Again, though - these should not be fresh developments to anyone either dealing with the situation or hoping to step into it. The fine detail, maybe not. The broad picture? It's an open secret.
Hence, United should be ready to go, if not now, then imminently. Plans should be shaped, requiring the pushing of a button to set them off.
Scratch the last two games of this season. All they are good for is to give players 180 more minutes to impress, a manager the chance to experiment, the club to settle upon the best possible mid-table position, and all involved to send fans into the summer with at least something to hold.
If points are not the only priority at Port Vale and against Newport, people will live with that if there is evidence of direction.
If Curle, though, is asked to lead the team into one or both with the cloud of uncertainty still over his head, it would be unfair to say the least.
Yes, there is the remainder of a contract to honour, and Curle has stressed he is prepared to do just that.
Asking him to do so on a tightrope, though, would be no way to treat a manager who, whatever the opinion-split, saved the club from non-league in his first season - and hence directors from a much more brutal reckoning - and has not led a single campaign since which you could describe as bad.
Yes, this one could and should have been better. For all that Curle has said about United "overachieving" based on their budget, there are others in and around Brunton Park who feel 10th, or thereabouts, is not good enough in a third full season of a manager's reign at a club of Carlisle's standing and spending. Arguments about playing style and recruitment go on. The case for giving someone else a chance is duly made.
Again, though, one would hope the club would by now be clear on their conclusion, either way.
Regarding players, there is also the naive and the real-world way of looking at things. The naive is that everyone who is out of contract this summer continues to sit on his hands, happy to see how things play out.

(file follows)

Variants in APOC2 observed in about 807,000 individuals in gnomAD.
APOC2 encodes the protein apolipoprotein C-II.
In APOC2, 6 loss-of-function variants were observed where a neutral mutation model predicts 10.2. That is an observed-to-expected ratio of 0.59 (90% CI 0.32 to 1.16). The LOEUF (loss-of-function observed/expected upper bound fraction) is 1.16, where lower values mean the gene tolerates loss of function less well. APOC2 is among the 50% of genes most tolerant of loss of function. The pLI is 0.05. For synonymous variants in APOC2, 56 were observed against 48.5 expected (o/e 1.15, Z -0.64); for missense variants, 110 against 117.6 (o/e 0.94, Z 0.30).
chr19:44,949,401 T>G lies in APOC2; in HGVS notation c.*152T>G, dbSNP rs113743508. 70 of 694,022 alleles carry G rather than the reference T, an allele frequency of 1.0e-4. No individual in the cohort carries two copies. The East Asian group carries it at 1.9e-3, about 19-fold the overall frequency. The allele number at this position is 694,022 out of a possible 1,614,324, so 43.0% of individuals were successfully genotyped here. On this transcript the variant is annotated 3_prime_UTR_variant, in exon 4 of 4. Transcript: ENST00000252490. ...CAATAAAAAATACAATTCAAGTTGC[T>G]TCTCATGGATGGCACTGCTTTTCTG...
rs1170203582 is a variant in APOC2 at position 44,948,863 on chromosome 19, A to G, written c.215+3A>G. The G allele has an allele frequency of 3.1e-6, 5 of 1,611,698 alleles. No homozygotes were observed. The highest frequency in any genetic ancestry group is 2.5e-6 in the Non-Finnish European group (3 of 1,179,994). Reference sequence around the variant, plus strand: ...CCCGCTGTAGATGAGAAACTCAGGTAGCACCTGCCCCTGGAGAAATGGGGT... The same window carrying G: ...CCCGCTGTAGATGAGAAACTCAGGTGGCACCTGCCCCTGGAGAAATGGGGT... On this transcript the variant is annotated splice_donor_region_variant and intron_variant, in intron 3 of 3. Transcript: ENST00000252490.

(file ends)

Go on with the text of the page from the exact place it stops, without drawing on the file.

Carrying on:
The real world: that agents will be talking, that players will be acting on unsettled feelings already, that some may even be shaping an opinion about whether they would want to stay at a belt-tightened Carlisle if they are offered anything that doesn't match current terms.
What has been going on recently is not much of an invitation to commit to the struggle. One or two, it is understood, are thinking along those very lines.
What else, in this, could United be waiting for? If it is investment, or a clearer showing of Edinburgh Woollen Mill's hand, then nothing so far has led us to think dramatic change is just around the corner.
Nigel Clibbens, the chief executive and the man one would expect to have applied the most strategy to this situation, repeats that there is "nothing new" to add regarding EWM's financial support. Publicly, Philip Day's firm retain their "no comment" stance.
No obvious grounds, then, for thinking this a major factor in who the Blues choose to sit in their dugout - who, before then, has to arrange friendlies, lure targets, conjure other pre-season thoughts, get their head around whatever United want to do with their academy, and generally acquaint themselves with the club and its culture.
Some of that would go for Curle himself, given the noises about a change of approach. It would certainly go for a fresh pair of eyes.
These, then, are the formative days of 2018/19, right now - the first days of the rest of Carlisle United. Each that passes without a strong conclusion puts that future in a tiny degree more peril. So those who are called directors, those who describe themselves as custodians, must do what those labels say. Actions not words.
There is time to get this right; of course there is. But not as much as it may seem.